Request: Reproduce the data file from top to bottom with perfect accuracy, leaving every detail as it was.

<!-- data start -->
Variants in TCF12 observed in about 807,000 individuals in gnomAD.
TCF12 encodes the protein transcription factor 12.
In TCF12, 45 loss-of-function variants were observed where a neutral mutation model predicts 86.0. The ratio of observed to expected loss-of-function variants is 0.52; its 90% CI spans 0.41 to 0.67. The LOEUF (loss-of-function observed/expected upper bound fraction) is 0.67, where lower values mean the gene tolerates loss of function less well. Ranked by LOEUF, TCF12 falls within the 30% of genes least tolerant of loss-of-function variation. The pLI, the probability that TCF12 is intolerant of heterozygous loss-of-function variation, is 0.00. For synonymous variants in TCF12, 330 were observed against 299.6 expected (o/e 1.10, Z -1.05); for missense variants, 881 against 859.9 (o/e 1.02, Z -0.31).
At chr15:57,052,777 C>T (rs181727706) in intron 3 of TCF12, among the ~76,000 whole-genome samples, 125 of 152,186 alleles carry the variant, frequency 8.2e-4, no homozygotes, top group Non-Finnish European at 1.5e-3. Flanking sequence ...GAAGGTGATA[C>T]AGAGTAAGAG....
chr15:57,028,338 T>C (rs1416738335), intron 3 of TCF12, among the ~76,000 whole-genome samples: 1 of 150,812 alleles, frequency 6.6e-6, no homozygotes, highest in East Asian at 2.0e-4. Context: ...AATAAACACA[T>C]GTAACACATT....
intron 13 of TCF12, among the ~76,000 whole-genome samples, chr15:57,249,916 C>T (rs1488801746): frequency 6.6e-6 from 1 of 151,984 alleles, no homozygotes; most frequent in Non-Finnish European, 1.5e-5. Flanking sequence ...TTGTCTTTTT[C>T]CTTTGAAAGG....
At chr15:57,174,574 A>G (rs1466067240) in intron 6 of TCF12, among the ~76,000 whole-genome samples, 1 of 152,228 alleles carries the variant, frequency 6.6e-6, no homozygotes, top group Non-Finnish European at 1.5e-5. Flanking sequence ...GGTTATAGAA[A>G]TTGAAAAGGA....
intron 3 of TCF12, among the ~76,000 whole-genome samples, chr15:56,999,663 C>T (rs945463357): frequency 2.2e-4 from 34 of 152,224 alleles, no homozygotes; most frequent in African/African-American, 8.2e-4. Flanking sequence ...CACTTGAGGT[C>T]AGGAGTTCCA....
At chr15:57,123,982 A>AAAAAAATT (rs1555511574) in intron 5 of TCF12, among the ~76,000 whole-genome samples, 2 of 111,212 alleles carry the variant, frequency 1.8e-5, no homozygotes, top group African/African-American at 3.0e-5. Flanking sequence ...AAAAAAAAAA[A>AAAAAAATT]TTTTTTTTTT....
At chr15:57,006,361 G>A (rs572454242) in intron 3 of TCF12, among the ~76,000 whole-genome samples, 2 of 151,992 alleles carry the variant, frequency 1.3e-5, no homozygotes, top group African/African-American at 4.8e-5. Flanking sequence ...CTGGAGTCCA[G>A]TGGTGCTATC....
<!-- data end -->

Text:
Variants in TCF12 observed in about 807,000 individuals in gnomAD.
TCF12 encodes the protein transcription factor 12.
In TCF12, 45 loss-of-function variants were observed where a neutral mutation model predicts 86.0. The ratio of observed to expected loss-of-function variants is 0.52; its 90% CI spans 0.41 to 0.67. The LOEUF (loss-of-function observed/expected upper bound fraction) is 0.67, where lower values mean the gene tolerates loss of function less well. Ranked by LOEUF, TCF12 falls within the 30% of genes least tolerant of loss-of-function variation. The pLI, the probability that TCF12 is intolerant of heterozygous loss-of-function variation, is 0.00. For synonymous variants in TCF12, 330 were observed against 299.6 expected (o/e 1.10, Z -1.05); for missense variants, 881 against 859.9 (o/e 1.02, Z -0.31).
At chr15:57,052,777 C>T (rs181727706) in intron 3 of TCF12, among the ~76,000 whole-genome samples, 125 of 152,186 alleles carry the variant, frequency 8.2e-4, no homozygotes, top group Non-Finnish European at 1.5e-3. Flanking sequence ...GAAGGTGATA[C>T]AGAGTAAGAG....
chr15:57,028,338 T>C (rs1416738335), intron 3 of TCF12, among the ~76,000 whole-genome samples: 1 of 150,812 alleles, frequency 6.6e-6, no homozygotes, highest in East Asian at 2.0e-4. Context: ...AATAAACACA[T>C]GTAACACATT....
intron 13 of TCF12, among the ~76,000 whole-genome samples, chr15:57,249,916 C>T (rs1488801746): frequency 6.6e-6 from 1 of 151,984 alleles, no homozygotes; most frequent in Non-Finnish European, 1.5e-5. Flanking sequence ...TTGTCTTTTT[C>T]CTTTGAAAGG....
At chr15:57,174,574 A>G (rs1466067240) in intron 6 of TCF12, among the ~76,000 whole-genome samples, 1 of 152,228 alleles carries the variant, frequency 6.6e-6, no homozygotes, top group Non-Finnish European at 1.5e-5. Flanking sequence ...GGTTATAGAA[A>G]TTGAAAAGGA....
intron 3 of TCF12, among the ~76,000 whole-genome samples, chr15:56,999,663 C>T (rs945463357): frequency 2.2e-4 from 34 of 152,224 alleles, no homozygotes; most frequent in African/African-American, 8.2e-4. Flanking sequence ...CACTTGAGGT[C>T]AGGAGTTCCA....
At chr15:57,123,982 A>AAAAAAATT (rs1555511574) in intron 5 of TCF12, among the ~76,000 whole-genome samples, 2 of 111,212 alleles carry the variant, frequency 1.8e-5, no homozygotes, top group African/African-American at 3.0e-5. Flanking sequence ...AAAAAAAAAA[A>AAAAAAATT]TTTTTTTTTT....
At chr15:57,006,361 G>A (rs572454242) in intron 3 of TCF12, among the ~76,000 whole-genome samples, 2 of 151,992 alleles carry the variant, frequency 1.3e-5, no homozygotes, top group African/African-American at 4.8e-5. Flanking sequence ...CTGGAGTCCA[G>A]TGGTGCTATC....